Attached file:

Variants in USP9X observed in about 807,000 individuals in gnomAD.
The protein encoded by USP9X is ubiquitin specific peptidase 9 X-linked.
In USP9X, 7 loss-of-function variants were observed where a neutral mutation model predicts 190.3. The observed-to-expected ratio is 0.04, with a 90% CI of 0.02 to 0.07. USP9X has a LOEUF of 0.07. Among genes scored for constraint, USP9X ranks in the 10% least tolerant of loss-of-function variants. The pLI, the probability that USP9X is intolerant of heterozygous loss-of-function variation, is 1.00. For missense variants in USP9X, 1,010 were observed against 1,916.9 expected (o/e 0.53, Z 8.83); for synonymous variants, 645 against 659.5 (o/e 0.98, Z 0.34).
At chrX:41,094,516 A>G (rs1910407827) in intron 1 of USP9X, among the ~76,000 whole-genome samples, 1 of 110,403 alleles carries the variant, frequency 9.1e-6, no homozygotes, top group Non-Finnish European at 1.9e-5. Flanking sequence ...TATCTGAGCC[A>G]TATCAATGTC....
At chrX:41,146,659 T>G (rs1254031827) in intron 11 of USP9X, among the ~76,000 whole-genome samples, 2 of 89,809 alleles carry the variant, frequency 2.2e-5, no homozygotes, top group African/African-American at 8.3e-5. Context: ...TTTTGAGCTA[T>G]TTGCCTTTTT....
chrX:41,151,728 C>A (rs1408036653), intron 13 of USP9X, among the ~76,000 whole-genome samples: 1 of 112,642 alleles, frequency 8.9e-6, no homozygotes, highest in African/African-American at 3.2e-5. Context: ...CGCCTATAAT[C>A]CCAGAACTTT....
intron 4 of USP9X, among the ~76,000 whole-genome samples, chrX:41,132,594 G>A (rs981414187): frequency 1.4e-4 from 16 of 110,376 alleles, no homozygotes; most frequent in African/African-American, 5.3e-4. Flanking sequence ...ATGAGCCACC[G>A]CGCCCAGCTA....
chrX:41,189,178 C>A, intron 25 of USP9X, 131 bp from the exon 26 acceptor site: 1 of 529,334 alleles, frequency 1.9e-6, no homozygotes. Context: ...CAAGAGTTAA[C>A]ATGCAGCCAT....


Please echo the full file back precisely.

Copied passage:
Variants in USP9X observed in about 807,000 individuals in gnomAD.
The protein encoded by USP9X is ubiquitin specific peptidase 9 X-linked.
In USP9X, 7 loss-of-function variants were observed where a neutral mutation model predicts 190.3. The observed-to-expected ratio is 0.04, with a 90% CI of 0.02 to 0.07. USP9X has a LOEUF of 0.07. Among genes scored for constraint, USP9X ranks in the 10% least tolerant of loss-of-function variants. The pLI, the probability that USP9X is intolerant of heterozygous loss-of-function variation, is 1.00. For missense variants in USP9X, 1,010 were observed against 1,916.9 expected (o/e 0.53, Z 8.83); for synonymous variants, 645 against 659.5 (o/e 0.98, Z 0.34).
At chrX:41,094,516 A>G (rs1910407827) in intron 1 of USP9X, among the ~76,000 whole-genome samples, 1 of 110,403 alleles carries the variant, frequency 9.1e-6, no homozygotes, top group Non-Finnish European at 1.9e-5. Flanking sequence ...TATCTGAGCC[A>G]TATCAATGTC....
At chrX:41,146,659 T>G (rs1254031827) in intron 11 of USP9X, among the ~76,000 whole-genome samples, 2 of 89,809 alleles carry the variant, frequency 2.2e-5, no homozygotes, top group African/African-American at 8.3e-5. Context: ...TTTTGAGCTA[T>G]TTGCCTTTTT....
chrX:41,151,728 C>A (rs1408036653), intron 13 of USP9X, among the ~76,000 whole-genome samples: 1 of 112,642 alleles, frequency 8.9e-6, no homozygotes, highest in African/African-American at 3.2e-5. Context: ...CGCCTATAAT[C>A]CCAGAACTTT....
intron 4 of USP9X, among the ~76,000 whole-genome samples, chrX:41,132,594 G>A (rs981414187): frequency 1.4e-4 from 16 of 110,376 alleles, no homozygotes; most frequent in African/African-American, 5.3e-4. Flanking sequence ...ATGAGCCACC[G>A]CGCCCAGCTA....
chrX:41,189,178 C>A, intron 25 of USP9X, 131 bp from the exon 26 acceptor site: 1 of 529,334 alleles, frequency 1.9e-6, no homozygotes. Context: ...CAAGAGTTAA[C>A]ATGCAGCCAT....